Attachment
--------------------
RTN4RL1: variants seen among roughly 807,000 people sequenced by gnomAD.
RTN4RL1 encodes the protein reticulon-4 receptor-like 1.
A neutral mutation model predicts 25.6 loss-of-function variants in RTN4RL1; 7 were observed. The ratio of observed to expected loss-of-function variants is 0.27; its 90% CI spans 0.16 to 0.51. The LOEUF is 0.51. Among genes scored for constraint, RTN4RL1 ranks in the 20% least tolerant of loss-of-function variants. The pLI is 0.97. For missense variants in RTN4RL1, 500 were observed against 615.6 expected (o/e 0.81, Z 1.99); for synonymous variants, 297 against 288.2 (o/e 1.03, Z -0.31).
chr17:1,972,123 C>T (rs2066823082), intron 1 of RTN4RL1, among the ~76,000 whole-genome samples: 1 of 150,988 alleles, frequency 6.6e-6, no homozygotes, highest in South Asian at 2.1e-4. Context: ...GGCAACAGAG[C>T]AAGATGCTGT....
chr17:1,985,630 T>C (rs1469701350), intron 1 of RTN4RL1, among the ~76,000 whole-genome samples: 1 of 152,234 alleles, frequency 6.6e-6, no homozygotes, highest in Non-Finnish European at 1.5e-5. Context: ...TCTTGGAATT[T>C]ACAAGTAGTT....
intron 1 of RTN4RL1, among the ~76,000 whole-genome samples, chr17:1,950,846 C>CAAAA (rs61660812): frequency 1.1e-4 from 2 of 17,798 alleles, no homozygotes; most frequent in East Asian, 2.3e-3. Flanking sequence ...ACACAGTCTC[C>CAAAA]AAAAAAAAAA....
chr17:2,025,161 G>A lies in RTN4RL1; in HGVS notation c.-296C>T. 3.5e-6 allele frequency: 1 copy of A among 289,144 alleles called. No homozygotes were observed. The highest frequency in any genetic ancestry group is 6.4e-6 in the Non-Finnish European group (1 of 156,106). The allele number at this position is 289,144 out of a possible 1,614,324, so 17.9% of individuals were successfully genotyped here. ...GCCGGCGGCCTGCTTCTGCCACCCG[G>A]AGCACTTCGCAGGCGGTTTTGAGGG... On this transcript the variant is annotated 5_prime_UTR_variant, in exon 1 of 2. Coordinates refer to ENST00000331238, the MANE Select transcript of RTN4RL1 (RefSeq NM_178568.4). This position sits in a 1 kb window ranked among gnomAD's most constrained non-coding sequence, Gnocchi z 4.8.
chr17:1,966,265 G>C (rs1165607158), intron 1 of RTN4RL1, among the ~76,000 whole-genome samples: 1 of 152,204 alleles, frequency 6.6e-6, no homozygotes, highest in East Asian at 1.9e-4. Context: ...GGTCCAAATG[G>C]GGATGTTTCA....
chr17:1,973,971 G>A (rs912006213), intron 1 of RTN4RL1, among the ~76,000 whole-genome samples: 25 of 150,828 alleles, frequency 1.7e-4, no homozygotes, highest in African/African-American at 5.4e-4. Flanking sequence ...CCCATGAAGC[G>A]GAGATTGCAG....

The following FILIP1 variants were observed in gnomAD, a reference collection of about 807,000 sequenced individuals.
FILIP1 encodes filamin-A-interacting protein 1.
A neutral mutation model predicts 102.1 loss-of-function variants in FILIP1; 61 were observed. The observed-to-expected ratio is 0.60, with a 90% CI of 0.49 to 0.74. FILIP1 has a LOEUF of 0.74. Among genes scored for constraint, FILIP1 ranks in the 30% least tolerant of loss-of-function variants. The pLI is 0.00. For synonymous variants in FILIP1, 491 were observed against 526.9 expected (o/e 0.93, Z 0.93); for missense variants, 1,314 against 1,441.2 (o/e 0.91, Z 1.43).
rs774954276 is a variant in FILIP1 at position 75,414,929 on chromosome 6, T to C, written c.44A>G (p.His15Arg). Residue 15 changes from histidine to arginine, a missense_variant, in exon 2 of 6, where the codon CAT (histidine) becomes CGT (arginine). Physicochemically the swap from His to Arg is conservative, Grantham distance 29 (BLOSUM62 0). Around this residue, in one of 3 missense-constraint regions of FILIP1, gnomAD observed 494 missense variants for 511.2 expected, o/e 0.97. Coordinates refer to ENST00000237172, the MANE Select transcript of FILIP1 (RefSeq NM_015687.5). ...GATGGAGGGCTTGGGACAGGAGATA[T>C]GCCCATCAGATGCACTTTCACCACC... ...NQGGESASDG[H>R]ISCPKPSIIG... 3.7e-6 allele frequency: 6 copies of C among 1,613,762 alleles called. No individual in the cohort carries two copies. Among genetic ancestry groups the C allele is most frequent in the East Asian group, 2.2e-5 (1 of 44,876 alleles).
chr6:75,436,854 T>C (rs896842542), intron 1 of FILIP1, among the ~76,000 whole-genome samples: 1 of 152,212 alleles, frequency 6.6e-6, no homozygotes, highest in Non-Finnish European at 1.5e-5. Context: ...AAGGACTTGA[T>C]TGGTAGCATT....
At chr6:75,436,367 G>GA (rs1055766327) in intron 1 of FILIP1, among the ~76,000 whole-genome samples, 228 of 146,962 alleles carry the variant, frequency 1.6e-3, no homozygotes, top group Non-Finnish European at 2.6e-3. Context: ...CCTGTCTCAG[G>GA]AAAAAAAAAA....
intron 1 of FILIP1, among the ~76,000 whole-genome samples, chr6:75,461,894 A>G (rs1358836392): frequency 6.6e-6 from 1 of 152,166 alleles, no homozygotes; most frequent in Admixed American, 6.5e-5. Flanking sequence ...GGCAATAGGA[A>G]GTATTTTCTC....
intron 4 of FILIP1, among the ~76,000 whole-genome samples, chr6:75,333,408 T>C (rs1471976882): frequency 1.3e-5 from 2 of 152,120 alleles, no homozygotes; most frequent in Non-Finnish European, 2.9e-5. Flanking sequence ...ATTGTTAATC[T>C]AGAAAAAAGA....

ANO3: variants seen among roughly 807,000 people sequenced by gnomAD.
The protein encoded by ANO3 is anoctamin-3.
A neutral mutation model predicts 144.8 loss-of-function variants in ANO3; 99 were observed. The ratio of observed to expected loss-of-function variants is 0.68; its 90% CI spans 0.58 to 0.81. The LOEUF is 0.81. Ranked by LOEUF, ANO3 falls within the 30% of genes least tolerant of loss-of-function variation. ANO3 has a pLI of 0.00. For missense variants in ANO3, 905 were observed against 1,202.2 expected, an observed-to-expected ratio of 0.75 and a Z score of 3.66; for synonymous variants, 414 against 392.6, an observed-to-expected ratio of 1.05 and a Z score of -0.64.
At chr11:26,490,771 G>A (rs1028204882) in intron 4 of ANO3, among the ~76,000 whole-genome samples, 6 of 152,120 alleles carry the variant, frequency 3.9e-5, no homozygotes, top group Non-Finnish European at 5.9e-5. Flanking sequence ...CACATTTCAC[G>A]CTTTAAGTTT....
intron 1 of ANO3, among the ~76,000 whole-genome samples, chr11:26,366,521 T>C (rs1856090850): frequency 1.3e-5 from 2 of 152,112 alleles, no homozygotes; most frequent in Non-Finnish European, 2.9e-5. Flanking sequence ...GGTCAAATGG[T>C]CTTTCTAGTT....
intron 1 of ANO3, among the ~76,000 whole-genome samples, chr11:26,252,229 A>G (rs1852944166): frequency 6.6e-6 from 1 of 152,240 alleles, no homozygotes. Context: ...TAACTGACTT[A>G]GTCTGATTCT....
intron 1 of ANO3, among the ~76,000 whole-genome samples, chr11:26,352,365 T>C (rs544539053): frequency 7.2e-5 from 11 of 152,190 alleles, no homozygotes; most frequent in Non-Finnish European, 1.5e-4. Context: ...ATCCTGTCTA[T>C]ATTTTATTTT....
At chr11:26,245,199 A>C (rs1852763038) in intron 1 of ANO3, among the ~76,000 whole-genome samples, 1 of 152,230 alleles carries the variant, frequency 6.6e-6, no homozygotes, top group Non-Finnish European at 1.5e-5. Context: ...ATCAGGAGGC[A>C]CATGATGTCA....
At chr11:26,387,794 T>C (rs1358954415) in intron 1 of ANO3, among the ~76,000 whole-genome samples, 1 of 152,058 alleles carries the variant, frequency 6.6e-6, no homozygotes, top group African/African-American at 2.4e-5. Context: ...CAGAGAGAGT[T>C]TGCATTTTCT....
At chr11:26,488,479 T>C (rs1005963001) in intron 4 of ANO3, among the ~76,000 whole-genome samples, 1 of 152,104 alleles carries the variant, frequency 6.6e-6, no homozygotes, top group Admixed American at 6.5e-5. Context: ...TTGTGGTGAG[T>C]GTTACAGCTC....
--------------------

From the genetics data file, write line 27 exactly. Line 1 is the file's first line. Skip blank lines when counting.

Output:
At chr11:26,488,479 T>C (rs1005963001) in intron 4 of ANO3, among the ~76,000 whole-genome samples, 1 of 152,104 alleles carries the variant, frequency 6.6e-6, no homozygotes, top group Admixed American at 6.5e-5. Context: ...TTGTGGTGAG[T>C]GTTACAGCTC....